Ukraine

I Crain? No, Ukraine! Day 36

We arrive, and we still can't read a darn thing. Our tiny street map is written in Roman characters, so every street sign we see must be translated.

Alright, what does B - Pi symbol - H - R - Airplane beverage cart - V - backwards N spell?

But, hark! Aimless wandering led us to a woman with a visor, a fanny pack and a camera...an American!

Do you know where we are?

I haven't a clue, but our driver will...though he only speaks Polish...let's give him a try.

The following scene would have fit really well in an Audrey Hepburn movie. The tour group surrounded us on all sides, asking how they could help, where we were trying to go, where we had already traveled, if we spoke Polish, the works. When they realized how aimless we actually were, Roger, the self-proclaimed group leader, invited us to come along with them to see the sights, have some lunch, and represent our generation among his posse of WWII Polish refuges. This wasn't just some Contiki bus tour.

Each one of those 70+ year old tourists were displaced from their homes in Poland during WWII, their houses bombed or seized by the Nazis during their invasion, some even in L'viv. They were shipped away either to Siberia or eventually to London, where they all met. No one had a local friend or contact nor a £1 in their pockets, but they attended school and university in England, building their life foundations from there.

When all had finished schooling, the English government offered them to choose a new home of either the USA, Canada, Australia or Europe, since the UK was off the table. After they parted ways across the globe, they had no contact between each other until fifty years later when an effort was made to have a reunion back in their home country.

For the last couple years, they join together for moral support and socializing as they reexperience the mixed feelings of their childhood. Some of these trips prove to be intensely emotional as they are reminded of the travesties they experienced. The man who asked me, having seen the patch on my backpack, if I had been to Malaysia, was a young messenger boy during the Warsaw Uprising. When they toured Warsaw a few days prior to our meeting, he set his eyes for the first time on a sculpture of a young boy wearing an oversized German uniform. It was the monument for the Warsaw Uprising. He cried on the spot, seeing himself 70 years earlier in the statue.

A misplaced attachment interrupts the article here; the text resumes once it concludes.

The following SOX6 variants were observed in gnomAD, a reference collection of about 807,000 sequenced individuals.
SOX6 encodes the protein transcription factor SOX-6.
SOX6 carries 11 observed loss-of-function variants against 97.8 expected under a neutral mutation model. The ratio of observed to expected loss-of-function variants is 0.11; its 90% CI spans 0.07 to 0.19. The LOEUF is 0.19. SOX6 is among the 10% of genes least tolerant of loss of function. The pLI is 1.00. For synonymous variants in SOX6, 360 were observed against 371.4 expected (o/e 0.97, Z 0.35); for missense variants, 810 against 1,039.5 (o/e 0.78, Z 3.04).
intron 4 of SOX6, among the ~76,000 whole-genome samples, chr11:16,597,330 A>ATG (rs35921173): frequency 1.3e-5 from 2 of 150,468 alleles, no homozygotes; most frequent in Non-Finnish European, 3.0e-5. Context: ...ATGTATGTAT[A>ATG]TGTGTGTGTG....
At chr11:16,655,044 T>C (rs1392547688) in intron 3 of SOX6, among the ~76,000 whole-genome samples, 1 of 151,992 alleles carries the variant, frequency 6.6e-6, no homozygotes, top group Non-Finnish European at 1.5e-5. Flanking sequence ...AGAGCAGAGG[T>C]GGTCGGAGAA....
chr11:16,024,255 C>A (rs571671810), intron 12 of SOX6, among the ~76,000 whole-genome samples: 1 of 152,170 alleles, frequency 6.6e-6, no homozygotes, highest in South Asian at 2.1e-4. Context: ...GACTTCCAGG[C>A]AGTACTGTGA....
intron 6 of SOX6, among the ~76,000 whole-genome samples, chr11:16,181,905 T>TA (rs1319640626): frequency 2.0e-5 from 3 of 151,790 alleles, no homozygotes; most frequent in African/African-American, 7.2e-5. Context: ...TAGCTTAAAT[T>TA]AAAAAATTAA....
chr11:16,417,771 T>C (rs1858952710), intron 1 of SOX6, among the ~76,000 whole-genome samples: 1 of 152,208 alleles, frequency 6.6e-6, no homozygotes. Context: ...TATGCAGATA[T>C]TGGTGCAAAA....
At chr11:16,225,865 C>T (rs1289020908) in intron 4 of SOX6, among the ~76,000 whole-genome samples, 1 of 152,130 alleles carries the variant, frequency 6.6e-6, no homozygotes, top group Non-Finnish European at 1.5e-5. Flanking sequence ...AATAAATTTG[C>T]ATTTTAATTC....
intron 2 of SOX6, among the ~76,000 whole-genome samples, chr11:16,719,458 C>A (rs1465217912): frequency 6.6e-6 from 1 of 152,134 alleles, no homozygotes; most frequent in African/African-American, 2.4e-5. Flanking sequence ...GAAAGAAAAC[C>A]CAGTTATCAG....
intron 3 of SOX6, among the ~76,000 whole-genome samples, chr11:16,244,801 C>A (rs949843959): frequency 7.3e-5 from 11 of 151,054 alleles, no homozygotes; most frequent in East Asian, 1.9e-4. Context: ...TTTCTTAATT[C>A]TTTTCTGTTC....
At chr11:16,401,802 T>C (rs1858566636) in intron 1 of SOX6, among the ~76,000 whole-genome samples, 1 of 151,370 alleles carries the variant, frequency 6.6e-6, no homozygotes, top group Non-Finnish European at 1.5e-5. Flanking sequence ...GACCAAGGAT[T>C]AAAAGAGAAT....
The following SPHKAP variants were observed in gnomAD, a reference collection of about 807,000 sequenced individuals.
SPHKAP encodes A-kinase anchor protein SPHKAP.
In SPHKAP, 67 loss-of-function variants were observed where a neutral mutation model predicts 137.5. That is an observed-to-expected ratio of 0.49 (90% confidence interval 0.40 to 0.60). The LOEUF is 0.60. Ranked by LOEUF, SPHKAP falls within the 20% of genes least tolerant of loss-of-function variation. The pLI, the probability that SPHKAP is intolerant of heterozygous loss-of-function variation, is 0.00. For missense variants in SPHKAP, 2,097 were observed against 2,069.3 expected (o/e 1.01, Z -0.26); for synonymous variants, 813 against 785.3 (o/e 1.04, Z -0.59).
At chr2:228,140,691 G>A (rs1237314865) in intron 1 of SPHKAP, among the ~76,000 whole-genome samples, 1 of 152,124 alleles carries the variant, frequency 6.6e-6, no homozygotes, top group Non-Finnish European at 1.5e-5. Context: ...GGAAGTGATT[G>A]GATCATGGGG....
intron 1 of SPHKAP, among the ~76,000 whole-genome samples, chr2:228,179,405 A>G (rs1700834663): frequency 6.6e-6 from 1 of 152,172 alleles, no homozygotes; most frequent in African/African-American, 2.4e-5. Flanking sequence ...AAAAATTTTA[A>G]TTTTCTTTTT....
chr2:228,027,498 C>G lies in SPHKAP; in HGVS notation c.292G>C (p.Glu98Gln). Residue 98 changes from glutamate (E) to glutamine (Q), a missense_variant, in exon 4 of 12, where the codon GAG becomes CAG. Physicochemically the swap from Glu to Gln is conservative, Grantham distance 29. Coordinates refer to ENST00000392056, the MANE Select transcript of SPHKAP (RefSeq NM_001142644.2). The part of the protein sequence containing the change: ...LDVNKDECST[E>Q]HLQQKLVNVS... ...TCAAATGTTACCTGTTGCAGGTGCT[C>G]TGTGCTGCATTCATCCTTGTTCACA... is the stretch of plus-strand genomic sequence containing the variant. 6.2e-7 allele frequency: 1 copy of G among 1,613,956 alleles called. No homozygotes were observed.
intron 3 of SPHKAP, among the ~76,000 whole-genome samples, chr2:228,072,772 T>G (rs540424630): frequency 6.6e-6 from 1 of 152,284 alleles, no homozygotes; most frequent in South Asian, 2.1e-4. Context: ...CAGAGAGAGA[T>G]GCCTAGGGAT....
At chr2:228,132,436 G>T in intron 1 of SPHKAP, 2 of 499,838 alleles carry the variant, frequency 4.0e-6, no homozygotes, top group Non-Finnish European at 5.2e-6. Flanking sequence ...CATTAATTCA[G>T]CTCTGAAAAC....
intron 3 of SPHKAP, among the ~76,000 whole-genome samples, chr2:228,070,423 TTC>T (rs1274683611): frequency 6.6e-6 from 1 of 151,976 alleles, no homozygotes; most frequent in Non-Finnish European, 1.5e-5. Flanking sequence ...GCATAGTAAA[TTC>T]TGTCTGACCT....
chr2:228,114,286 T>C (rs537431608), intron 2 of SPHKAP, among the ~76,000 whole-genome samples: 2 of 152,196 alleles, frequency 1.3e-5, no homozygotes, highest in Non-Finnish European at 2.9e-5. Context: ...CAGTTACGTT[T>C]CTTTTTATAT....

Our conversations with each person were soaked in history and drama. They were eager to teach us from their personal experience, and we felt quite honored to be on the receiving end. They left us with full bellies at the town center where we found a hostel for less than $15 a night. Our luck left us astounded as the day ended. We surely could have hated our day in L'viv - the hot, complicated city of L'viv - but instead we witnessed such heartfelt hospitality from people who were busy reliving their mixed and painful memories of the past. We left first thing the following morning, knowing we already experienced the highlight and magic of that destination.

Shakin' it up: Day 35

Game plan review: we want to go to Krakow. We've got gobs of time. It's hard to go direct from Eger. Where should we go en route? More mountains? Ukraine? ...wait...the Ukraine?!? Where did this choice come from? We first move closer to both options in Kosice, Slovakia, where we stop to make some Slovakian memories. We were not expecting such a darling town with an impressive church at its heart and a musical fountain nearby with "local color." Little boys dared each other to stand in the middle of shooting water jets, fully clothed and toting their backpacks-o-fun. Music blared through surrounding boulders or from a bell sculpture, all synced to the visual orchestra of gravity-defying H2O. A flutter of white out of the corner of my eye and there goes a wedding party, taking pictures of the new couple in front of city monuments. And another bride...and, yup, one more. I was a witness to multiple nuptials except the one I should have been at in Terre Haute, Indiana. The universe kept rubbing it in my face. It sort of made the 7th of June a hard day to enjoy with the constant reminder of my two polar lives. It's amazing how much of a stronghold time and money have on my present condition. Ah, semi-deep thoughts flow in and out...